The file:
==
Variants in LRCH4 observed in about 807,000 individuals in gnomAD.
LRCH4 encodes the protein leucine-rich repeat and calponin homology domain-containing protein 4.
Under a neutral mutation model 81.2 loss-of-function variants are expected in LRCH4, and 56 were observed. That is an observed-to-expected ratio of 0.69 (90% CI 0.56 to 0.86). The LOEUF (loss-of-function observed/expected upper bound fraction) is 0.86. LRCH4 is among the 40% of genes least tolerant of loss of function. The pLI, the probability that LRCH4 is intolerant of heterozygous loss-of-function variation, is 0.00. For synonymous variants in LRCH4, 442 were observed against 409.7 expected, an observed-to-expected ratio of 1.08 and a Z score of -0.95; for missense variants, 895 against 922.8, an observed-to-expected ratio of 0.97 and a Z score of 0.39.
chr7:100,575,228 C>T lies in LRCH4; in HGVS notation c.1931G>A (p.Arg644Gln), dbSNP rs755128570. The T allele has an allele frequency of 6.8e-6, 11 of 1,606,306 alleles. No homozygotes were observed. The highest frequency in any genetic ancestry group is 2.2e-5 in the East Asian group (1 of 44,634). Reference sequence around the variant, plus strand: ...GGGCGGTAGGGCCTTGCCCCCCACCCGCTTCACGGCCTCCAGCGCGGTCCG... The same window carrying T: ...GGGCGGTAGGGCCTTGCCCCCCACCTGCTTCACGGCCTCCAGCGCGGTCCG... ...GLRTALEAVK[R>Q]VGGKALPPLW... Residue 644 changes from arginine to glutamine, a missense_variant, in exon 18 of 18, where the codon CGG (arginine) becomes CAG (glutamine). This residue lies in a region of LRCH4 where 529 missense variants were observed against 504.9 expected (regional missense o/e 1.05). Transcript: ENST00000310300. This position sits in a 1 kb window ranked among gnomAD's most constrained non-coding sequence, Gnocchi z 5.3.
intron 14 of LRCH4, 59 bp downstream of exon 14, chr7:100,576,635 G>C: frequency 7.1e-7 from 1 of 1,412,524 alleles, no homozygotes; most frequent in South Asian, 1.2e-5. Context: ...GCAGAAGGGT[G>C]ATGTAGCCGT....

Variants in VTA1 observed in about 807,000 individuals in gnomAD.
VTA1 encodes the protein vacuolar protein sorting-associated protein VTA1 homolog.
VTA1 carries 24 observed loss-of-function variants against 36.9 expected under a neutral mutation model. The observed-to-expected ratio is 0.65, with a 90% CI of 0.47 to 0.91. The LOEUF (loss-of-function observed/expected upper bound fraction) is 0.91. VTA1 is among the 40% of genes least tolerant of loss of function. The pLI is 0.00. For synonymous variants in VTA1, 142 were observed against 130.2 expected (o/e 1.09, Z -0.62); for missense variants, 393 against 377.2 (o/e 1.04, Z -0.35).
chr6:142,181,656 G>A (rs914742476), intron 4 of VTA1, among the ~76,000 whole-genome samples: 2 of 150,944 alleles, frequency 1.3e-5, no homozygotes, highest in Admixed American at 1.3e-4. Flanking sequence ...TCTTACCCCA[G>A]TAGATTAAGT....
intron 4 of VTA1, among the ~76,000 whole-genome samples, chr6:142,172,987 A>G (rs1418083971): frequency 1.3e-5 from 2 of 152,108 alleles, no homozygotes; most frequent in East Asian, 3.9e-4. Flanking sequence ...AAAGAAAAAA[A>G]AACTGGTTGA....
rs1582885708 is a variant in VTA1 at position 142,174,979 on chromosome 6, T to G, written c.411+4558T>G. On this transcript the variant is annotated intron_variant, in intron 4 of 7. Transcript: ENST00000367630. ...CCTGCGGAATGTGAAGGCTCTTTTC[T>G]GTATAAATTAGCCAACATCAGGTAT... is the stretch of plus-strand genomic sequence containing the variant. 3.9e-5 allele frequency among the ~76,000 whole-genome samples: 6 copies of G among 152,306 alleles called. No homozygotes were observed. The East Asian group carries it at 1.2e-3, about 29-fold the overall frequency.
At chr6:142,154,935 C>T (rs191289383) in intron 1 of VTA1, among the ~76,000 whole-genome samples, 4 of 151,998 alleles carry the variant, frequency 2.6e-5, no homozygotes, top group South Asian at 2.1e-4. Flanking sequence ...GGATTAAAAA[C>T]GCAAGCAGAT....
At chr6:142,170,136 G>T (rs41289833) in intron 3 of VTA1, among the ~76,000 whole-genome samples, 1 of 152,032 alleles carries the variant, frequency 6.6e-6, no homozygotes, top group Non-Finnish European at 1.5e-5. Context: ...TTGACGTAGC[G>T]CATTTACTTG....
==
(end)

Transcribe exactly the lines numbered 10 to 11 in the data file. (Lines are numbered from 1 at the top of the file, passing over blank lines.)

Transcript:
intron 4 of VTA1, among the ~76,000 whole-genome samples, chr6:142,172,987 A>G (rs1418083971): frequency 1.3e-5 from 2 of 152,108 alleles, no homozygotes; most frequent in East Asian, 3.9e-4. Flanking sequence ...AAAGAAAAAA[A>G]AACTGGTTGA....
rs1582885708 is a variant in VTA1 at position 142,174,979 on chromosome 6, T to G, written c.411+4558T>G. On this transcript the variant is annotated intron_variant, in intron 4 of 7. Transcript: ENST00000367630. ...CCTGCGGAATGTGAAGGCTCTTTTC[T>G]GTATAAATTAGCCAACATCAGGTAT... is the stretch of plus-strand genomic sequence containing the variant. 3.9e-5 allele frequency among the ~76,000 whole-genome samples: 6 copies of G among 152,306 alleles called. No homozygotes were observed. The East Asian group carries it at 1.2e-3, about 29-fold the overall frequency.